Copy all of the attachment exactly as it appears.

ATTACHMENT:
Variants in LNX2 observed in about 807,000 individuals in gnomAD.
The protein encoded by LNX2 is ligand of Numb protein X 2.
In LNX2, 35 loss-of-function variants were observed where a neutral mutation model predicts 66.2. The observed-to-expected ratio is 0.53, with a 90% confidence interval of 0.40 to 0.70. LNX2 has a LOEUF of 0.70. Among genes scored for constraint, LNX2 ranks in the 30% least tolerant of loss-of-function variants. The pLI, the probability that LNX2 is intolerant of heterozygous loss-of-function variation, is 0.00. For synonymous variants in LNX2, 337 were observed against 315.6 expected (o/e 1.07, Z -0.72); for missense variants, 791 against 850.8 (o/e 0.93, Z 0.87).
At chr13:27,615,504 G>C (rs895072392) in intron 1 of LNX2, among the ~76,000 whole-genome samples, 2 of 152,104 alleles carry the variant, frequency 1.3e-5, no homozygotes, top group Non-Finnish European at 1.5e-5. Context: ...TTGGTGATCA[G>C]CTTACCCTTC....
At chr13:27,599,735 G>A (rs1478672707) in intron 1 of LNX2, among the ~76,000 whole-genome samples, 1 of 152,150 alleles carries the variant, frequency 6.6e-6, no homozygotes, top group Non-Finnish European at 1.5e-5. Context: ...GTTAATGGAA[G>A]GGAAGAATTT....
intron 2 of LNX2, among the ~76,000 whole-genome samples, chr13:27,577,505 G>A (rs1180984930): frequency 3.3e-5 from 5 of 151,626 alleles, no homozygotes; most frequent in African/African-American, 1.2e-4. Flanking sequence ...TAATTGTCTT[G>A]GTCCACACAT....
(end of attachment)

Variants in LNX2 observed in about 807,000 individuals in gnomAD.
The protein encoded by LNX2 is ligand of Numb protein X 2.
In LNX2, 35 loss-of-function variants were observed where a neutral mutation model predicts 66.2. The observed-to-expected ratio is 0.53, with a 90% confidence interval of 0.40 to 0.70. LNX2 has a LOEUF of 0.70. Among genes scored for constraint, LNX2 ranks in the 30% least tolerant of loss-of-function variants. The pLI, the probability that LNX2 is intolerant of heterozygous loss-of-function variation, is 0.00. For synonymous variants in LNX2, 337 were observed against 315.6 expected (o/e 1.07, Z -0.72); for missense variants, 791 against 850.8 (o/e 0.93, Z 0.87).
At chr13:27,615,504 G>C (rs895072392) in intron 1 of LNX2, among the ~76,000 whole-genome samples, 2 of 152,104 alleles carry the variant, frequency 1.3e-5, no homozygotes, top group Non-Finnish European at 1.5e-5. Context: ...TTGGTGATCA[G>C]CTTACCCTTC....
At chr13:27,599,735 G>A (rs1478672707) in intron 1 of LNX2, among the ~76,000 whole-genome samples, 1 of 152,150 alleles carries the variant, frequency 6.6e-6, no homozygotes, top group Non-Finnish European at 1.5e-5. Context: ...GTTAATGGAA[G>A]GGAAGAATTT....
intron 2 of LNX2, among the ~76,000 whole-genome samples, chr13:27,577,505 G>A (rs1180984930): frequency 3.3e-5 from 5 of 151,626 alleles, no homozygotes; most frequent in African/African-American, 1.2e-4. Flanking sequence ...TAATTGTCTT[G>A]GTCCACACAT....